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J Mot Behav. 2011;43(6):499-507. doi: 10.1080/00222895.2011.632657.

Transfer of motor learning engages specific neural substrates during motor memory consolidation dependent on the practice structure.

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Motor Behavior and Neurorehabilitation Laboratory, Division of Biokinesiology and Physical Therapy at the Herman Ostrow School of Dentistry, Department of Psychology, University of Southern California, Los Angeles, CA 90089, USA.


The authors investigated how brain activity during motor-memory consolidation contributes to transfer of learning to novel versions of a motor skill following distinct practice structures. They used 1 Hz repetitive Transcranial Magnetic Stimulation (rTMS) immediately after constant or variable practice of an arm movement skill to interfere with primary motor cortex (M1) or dorsolateral prefrontal cortex (DLPFC). The effect of interference was assessed through skill performance on two transfer targets: one within and one outside the range of practiced movement parameters for the variable practice group. For the control (no rTMS) group, variable practice benefited delayed transfer performance more than constant practice. The rTMS effect on delayed transfer performance differed for the two transfer targets. For the within-range target, rTMS interference had no significant affect on the delayed transfer after either practice structure. However, for the outside-range target, rTMS interference to DLPFC but not M1 attenuated delayed transfer benefit following variable practice. Additionally, for the outside-range target, rTMS interference to M1 but not DLPFC attenuated delayed transfer following constant practice. This suggests that variable practice may promote reliance on DLPFC for memory consolidation associated with outside-range transfer of learning, whereas constant practice may promote reliance on M1 for consolidation and long-term transfer.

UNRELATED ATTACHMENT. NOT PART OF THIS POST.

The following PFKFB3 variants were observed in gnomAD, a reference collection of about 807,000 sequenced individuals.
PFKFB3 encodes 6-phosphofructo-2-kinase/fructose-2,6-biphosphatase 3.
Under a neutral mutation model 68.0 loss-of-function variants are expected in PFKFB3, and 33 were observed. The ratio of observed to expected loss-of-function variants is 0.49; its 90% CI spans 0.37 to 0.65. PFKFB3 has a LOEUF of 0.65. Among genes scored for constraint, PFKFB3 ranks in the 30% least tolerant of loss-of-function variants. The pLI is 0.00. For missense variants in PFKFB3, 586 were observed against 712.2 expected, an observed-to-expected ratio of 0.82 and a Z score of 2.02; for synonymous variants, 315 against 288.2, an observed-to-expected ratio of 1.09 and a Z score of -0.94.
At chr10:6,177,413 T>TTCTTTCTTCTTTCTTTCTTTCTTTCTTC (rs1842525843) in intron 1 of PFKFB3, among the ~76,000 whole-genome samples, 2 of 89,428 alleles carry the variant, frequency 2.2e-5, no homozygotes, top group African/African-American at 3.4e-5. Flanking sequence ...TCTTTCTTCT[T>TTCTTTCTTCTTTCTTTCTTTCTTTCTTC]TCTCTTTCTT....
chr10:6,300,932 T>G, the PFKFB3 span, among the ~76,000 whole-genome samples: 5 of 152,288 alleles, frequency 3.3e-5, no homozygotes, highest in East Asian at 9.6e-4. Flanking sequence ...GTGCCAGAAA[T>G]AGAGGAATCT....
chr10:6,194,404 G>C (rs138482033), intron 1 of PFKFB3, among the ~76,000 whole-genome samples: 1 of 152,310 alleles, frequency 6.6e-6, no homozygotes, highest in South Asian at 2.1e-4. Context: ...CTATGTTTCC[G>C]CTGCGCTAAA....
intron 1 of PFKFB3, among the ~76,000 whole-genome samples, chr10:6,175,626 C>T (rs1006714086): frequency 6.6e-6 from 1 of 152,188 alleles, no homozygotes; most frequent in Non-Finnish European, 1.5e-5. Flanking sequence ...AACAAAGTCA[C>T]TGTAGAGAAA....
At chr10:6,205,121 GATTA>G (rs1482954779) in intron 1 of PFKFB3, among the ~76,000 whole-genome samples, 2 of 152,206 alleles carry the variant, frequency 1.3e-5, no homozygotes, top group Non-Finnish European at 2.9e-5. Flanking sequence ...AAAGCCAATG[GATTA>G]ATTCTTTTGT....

[Indexed for MEDLINE]

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